REMAKING EDEN: CLONING AND BEYOND IN A BRAVE NEW WORLD, by Lee M. Silver. Avon Books, $ 23; 315 pp.
As the twentieth century draws to a close, breakthroughs in reproductive genetics, of which cloning is only one example, may give scientists the power to alter our evolutionary future in ways once only dreamed of by futurists and snake oil salesmen. Two books, one by Princeton biologist Lee Silver and the other by New York Times science writer Gina Kolata, set forth to make some sense of this brave new future. Why is Dolly such a big deal when for several years scientists have been able to clone other animals--and thereby create identical twins--from embryo cells? As both Kolata and Silver tell us, never before were scientists successful in cloning from a mature, differentiated adult cell. This means, in theory, that a flake of your skin, a snippet of your hair, or a sample of your blood could be used to create your identical twin.
While Clone takes the reader down the road that led to Dolly, Lee Silver's Remaking Eden: Cloning and Beyond in a Brave New World is an overview of where reproductive technologies might take us in the future. The book opens with a series of scenarios that posit a future filled with cloning, genetic engineering, and even the speciation of the American population, by the year 2350, into those who are genetically enhanced (Gene-enriched or GenRich) and those who are not (Naturals, consigned by class to their nonengineered fates). These scenarios are intended to make us consider the possibilities--or perhaps the inevitabilities--of such technologies.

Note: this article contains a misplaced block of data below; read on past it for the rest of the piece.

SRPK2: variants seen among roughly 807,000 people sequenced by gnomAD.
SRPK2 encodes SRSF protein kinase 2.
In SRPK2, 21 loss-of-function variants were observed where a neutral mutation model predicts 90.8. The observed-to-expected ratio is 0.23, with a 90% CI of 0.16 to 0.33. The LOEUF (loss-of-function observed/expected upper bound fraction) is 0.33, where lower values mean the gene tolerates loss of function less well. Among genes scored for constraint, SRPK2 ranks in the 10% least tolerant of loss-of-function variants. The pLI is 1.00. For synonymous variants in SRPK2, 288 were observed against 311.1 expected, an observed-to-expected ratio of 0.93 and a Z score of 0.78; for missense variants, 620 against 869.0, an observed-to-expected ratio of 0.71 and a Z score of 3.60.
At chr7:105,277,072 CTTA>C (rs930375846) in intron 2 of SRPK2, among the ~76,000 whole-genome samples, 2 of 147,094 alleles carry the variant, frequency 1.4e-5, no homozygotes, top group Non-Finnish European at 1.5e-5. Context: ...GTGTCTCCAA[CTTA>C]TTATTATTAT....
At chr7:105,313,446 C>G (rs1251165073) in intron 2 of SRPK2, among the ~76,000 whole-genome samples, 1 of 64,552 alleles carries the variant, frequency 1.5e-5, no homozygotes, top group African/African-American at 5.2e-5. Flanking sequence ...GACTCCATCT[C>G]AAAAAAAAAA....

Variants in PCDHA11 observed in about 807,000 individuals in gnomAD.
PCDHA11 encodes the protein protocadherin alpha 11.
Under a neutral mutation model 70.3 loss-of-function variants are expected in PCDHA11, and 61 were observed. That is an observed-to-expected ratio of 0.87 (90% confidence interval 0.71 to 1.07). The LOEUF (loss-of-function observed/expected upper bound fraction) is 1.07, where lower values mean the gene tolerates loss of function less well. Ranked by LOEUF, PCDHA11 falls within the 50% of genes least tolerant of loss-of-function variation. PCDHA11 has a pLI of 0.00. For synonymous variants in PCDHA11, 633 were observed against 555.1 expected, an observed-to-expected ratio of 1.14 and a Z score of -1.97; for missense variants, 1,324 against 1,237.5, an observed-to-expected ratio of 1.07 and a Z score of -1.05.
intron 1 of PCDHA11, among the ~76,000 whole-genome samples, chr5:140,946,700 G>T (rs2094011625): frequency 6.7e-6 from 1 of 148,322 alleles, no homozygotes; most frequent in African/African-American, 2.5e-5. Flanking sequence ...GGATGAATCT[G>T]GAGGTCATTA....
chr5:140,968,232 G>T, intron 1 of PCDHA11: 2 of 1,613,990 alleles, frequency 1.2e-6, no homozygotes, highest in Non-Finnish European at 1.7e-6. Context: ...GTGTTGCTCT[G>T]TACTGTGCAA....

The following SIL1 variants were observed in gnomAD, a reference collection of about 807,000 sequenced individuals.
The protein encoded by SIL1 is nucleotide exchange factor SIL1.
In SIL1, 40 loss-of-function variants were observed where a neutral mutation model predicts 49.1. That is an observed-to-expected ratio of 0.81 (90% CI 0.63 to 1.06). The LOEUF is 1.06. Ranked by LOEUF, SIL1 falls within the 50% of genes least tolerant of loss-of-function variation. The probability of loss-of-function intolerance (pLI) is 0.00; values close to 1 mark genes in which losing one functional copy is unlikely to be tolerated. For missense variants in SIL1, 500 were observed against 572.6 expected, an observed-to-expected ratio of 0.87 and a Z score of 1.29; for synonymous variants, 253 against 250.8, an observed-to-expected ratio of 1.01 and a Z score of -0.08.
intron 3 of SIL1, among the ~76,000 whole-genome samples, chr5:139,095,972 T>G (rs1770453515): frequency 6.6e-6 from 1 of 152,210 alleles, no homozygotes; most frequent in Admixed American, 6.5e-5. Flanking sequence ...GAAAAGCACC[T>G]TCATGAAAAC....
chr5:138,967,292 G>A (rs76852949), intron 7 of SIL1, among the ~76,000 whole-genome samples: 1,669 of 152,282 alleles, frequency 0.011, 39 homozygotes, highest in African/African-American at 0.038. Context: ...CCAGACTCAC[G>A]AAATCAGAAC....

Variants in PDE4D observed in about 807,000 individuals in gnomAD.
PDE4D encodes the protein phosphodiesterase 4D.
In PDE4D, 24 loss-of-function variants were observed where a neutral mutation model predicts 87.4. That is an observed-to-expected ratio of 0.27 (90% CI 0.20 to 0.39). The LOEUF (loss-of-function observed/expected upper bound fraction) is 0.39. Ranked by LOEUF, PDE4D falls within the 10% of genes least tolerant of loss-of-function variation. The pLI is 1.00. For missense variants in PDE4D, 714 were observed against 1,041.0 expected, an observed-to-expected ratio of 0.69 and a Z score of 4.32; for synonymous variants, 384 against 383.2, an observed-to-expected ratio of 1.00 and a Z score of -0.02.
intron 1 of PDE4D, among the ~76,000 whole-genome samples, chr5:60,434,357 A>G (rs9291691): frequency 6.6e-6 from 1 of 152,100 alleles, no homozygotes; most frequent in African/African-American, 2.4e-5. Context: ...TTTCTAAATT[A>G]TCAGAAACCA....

Remaking Eden takes the reader on a fascinating tour of new techniques in human reproductive biology--from the now familiar artificial insemination process to the well known and not yet practiced eugenic embryo selection and genetic engineering. The descriptions are instructive, but the author sometimes embraces these technologies with such fervor that the reader is left wondering whether Silver is already planning his life in a brave new world. If Aldous Huxley's classic novel taught us anything, it was that the unfettered use of scientific technologies can present a danger to human freedom and dignity. Huxley once said: "Science in itself is morally neutral; it becomes good or evil according as it is applied." We must take care, particularly in this biologically deterministic age, not to embrace this power without considering where it might lead us. The two books under review offer excellent introductions to these issues.Michael Yudell is a Ph.D. candidate in history at the Graduate Center, City University of New York. He is also a graduate student in the Molecular Systematics Laboratory at the American Museum of Natural History